(this post was originally published on December 23, 2016, in Advantage News)
The holidays are a time for families to get together and be thankful for what we have.
Getting families together typically involves travel, whether it be across town, across the metropolitan area, or across the country. These travel patterns typically involve grown children traveling “home” to visit their parents for holiday reunions. These travel patterns therefore illustrate where people have been moving to, and moving from, over the years.
Fast-growing places like Austin, Texas, empty out over the holidays, as young adults travel “home” to spend time with their parents. Places experiencing slow growth or decline, such as St. Louis and many of its surrounding cities, such as Alton, are buzzing with activity during the holidays, as these young adults and families from all over the world return to where they grew up, to attend their family reunions. This annual mass pilgrimage home to Alton has been going on for so long, we scarcely give it a second thought. It’s just how things are.
This accepted, annual holiday pilgrimage represents a very painful reality that is an insidious consequence of Alton’s struggles. Perhaps this is in part why the holidays can be so stressful. We are reminded that too many of the people we love now live far away, and soon we’ll have to say “goodbye” once again. Virtually every current or former Altonian has been touched by this, either directly or indirectly.
Alton has lying at its feet many opportunities to improve our quality of life. However, many of these opportunities remain unexploited, which makes Alton a less desirable place to live and work than it could be, with fewer good job opportunities, to boot. As a result, families have been literally torn apart as our brightest young children move away in hopes of finding a better life. If you are lucky, your children still live nearby. But do all your nieces, nephews and cousins still live nearby? Do all your friends, and your friends’ children, still live nearby? Probably not.
Indeed, this problem affects us all.
These friends and family who have left Alton represent not only painful family separations. These long-lost loved ones will not be around living in our neighborhoods as responsible family homeowners, and they won’t be around as customers buying food, goods and services every day from local businesses. This creates a substantial negative “multiplier effect” on our local economy, as these local businesses need fewer employees to serve a diminishing customer base. This diminishing jobs base leads to even more people moving away, which leads to even more job losses. And so the cycle continues, over and over again.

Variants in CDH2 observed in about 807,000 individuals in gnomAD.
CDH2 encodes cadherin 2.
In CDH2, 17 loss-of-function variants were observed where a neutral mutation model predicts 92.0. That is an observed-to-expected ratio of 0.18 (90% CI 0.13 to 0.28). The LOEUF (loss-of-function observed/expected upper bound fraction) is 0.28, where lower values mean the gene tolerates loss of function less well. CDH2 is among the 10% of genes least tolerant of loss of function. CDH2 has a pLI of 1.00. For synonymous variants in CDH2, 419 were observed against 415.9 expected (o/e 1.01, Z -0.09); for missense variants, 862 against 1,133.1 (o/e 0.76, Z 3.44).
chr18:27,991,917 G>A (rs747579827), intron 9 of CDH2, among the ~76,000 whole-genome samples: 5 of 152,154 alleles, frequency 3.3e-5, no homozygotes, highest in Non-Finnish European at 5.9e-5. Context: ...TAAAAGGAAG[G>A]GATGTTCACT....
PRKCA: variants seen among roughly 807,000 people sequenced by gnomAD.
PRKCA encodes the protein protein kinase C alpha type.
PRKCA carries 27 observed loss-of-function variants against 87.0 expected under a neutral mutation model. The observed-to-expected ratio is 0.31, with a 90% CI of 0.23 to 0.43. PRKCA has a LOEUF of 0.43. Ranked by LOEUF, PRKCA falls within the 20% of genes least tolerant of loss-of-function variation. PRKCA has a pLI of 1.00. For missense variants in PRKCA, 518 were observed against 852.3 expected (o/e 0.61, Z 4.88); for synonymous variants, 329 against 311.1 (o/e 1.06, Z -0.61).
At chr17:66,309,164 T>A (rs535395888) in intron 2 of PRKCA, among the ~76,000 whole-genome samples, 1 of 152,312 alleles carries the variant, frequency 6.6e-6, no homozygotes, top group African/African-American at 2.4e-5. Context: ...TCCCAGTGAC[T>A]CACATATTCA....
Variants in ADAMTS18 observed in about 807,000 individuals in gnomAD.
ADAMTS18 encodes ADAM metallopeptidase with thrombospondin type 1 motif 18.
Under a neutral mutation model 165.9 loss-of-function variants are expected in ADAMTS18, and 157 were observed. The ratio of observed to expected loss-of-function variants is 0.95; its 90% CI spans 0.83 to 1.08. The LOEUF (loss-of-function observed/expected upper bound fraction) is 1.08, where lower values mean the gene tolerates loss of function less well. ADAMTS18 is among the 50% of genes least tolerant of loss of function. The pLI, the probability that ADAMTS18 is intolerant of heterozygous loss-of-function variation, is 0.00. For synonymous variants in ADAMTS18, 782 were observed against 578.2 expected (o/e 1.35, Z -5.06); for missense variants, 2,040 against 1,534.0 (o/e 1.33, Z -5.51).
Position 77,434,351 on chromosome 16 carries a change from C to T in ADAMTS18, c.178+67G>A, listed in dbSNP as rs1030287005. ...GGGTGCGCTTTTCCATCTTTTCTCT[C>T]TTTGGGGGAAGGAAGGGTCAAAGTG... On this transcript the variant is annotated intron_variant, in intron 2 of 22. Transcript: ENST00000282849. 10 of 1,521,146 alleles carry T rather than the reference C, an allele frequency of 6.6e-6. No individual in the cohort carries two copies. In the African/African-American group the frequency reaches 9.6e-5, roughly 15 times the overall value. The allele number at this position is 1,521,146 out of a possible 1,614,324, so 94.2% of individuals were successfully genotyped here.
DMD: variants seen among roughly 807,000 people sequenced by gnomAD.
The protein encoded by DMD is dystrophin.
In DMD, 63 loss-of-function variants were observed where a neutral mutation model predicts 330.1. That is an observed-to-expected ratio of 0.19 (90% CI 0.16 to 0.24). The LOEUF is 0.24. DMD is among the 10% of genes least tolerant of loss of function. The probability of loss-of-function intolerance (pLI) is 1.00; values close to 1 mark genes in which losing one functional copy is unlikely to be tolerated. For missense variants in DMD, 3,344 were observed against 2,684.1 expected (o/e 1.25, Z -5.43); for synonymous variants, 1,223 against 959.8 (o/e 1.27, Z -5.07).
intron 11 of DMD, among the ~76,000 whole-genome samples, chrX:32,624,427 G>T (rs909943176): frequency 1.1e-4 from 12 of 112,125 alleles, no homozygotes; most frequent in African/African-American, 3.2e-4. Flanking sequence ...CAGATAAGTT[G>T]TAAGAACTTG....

It was not always this way. Indeed, it was quite the opposite. For most of its first 150 years, Alton was a place people moved TO, and during these 150 years of “good times” for Alton, the children of Altonians were also much less likely to move away.
It’s not too late to once again make Alton such a place, nor is it too tall an order to do so. Yes, Alton became a Rust Belt city as our factories closed down, one by one, during the 1980s and 1990s, and these losses dealt a painful blow to Alton. But thankfully, Alton is not stuck in the middle of nowhere, surrounded by miles of flat, boring terrain. Instead, Alton is a city blessed with hilly brick streets and stunning river vistas, a rich history, beautiful old architecture, friendly and hard-working people, and a location right at the edge of a major metropolitan area.
Alton can indeed once again be that place where people move to, rather than a place where people only briefly return to, during the holidays. It’s obvious how serious the effects of Alton’s decline are for its people, and therefore, it’s critically important that we do whatever possible to end this decline, and the pain it causes.
Our children grow up so quickly, so let’s make these changes now, before more of our children grow up and move away. It’s almost time to make our New Year’s resolutions. Perhaps this year we can resolve to support real, positive changes that will help Alton realize a renaissance.
Happy holidays, everyone!